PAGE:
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In my TEDx Talk  on the Transformative Power of Walking I noted the importance of benches in making places for people to be sociable, feel accepted on the street, and to people watch, a very important human activity. I also cited a study completed by  New York City’s Department of Transportation that showed that placing benches outside retail stores increased sales volumes by 14 per cent at the adjacent storefronts.

BBC’s Katie Shepherd examines an encouraging trend in North America where municipalities are now encouraging the placement of benches as a welcoming gesture outside of stores. Such actions by individual shop keepers often is the first step (no pun intended) to how to create a more coherent and customer friendly commercial area.

“American cities have an excess of roadway space,” says Anastasia Loukaitou-Sideris, an urban planning professor at the University of California, Los Angeles. The street seats movement aims to reclaim some of that road for the pedestrian” by making public space active and vibrant.

“In Washington, DC, the annual Park(ing) Day celebration, in which businesses and community organisers build temporary parks in metered parking spots, inspired a program to allow permanent parklets to be installed in approved spots along the District’s streets. Inside these new parklets, businesses put out benches and chairs for their customers and the public to use whenever tired feet need a rest.” New York City has two established programs encouraging public seating for transit riders and pedestrians, especially the elderly. In a program called “CityBench” the Department of Transportation reimburses businesses for public bench installation. Over 1,500 benches have been added by storekeepers so far. And, as in the case of New York City, taking out a parking lane of City Street for benches improves businesses’ bottom line.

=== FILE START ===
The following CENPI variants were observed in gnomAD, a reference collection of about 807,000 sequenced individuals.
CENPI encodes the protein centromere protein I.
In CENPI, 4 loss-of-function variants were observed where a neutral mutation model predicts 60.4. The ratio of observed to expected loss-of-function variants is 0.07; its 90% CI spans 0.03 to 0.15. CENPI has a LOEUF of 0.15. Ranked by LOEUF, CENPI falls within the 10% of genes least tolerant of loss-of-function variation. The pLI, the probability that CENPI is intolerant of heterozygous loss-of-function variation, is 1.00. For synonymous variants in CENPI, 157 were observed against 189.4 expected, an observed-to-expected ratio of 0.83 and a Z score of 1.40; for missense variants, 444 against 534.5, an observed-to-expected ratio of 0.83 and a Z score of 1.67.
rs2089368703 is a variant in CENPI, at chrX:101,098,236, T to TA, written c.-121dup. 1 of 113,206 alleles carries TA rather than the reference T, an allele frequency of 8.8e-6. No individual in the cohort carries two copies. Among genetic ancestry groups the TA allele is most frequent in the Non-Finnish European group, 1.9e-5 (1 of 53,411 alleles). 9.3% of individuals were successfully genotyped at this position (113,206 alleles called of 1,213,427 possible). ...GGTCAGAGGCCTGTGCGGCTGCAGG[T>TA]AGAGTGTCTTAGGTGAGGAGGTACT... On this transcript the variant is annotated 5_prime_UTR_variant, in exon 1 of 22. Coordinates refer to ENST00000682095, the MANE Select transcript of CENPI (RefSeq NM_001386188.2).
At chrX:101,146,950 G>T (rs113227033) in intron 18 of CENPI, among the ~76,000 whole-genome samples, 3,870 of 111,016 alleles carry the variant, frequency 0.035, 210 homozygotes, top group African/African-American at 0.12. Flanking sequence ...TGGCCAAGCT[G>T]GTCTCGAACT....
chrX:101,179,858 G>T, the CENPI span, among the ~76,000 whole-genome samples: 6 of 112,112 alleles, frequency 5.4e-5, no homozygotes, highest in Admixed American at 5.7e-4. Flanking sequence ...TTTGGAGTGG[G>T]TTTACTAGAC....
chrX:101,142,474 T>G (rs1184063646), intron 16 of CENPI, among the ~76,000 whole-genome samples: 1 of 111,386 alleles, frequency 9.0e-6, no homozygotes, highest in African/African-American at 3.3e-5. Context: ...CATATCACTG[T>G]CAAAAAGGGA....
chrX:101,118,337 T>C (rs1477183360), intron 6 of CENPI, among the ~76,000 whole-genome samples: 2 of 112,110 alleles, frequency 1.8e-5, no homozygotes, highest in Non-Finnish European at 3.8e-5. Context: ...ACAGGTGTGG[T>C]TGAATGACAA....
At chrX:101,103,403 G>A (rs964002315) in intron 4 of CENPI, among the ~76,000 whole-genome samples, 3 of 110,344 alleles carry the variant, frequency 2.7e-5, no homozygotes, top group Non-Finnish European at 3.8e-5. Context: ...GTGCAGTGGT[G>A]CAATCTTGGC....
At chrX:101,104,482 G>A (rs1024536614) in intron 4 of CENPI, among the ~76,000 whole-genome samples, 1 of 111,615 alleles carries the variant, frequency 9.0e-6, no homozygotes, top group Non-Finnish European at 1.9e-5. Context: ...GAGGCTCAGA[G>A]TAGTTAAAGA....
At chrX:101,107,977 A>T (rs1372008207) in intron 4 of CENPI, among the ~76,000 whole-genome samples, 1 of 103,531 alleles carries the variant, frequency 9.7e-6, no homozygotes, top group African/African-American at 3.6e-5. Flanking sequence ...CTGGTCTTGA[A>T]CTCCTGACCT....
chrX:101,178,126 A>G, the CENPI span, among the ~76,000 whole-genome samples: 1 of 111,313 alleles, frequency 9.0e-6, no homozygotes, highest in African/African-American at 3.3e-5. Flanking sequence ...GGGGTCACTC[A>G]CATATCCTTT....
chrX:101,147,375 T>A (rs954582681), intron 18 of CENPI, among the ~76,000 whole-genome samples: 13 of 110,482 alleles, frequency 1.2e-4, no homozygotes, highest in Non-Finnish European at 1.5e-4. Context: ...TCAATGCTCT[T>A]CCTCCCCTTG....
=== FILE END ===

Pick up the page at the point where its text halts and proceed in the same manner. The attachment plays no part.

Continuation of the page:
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“Portland runs a “street seat” programme that has inspired eclectic designs – from benches that look like giant lawn chairs to seats that double as planters reminiscent of grassy hillsides. “Community engagement, that’s what made them really popular and really fun,” said Leah Treat, director for the Portland Bureau of Transportation.”

Where is Vancouver’s program supportive of increased seating in commercial areas? Is this something that can be themed or provide a whimsical gesture to the street? Seniors say we don’t have enough benches for the elderly in the commercial areas.  Would this be a good place to start?

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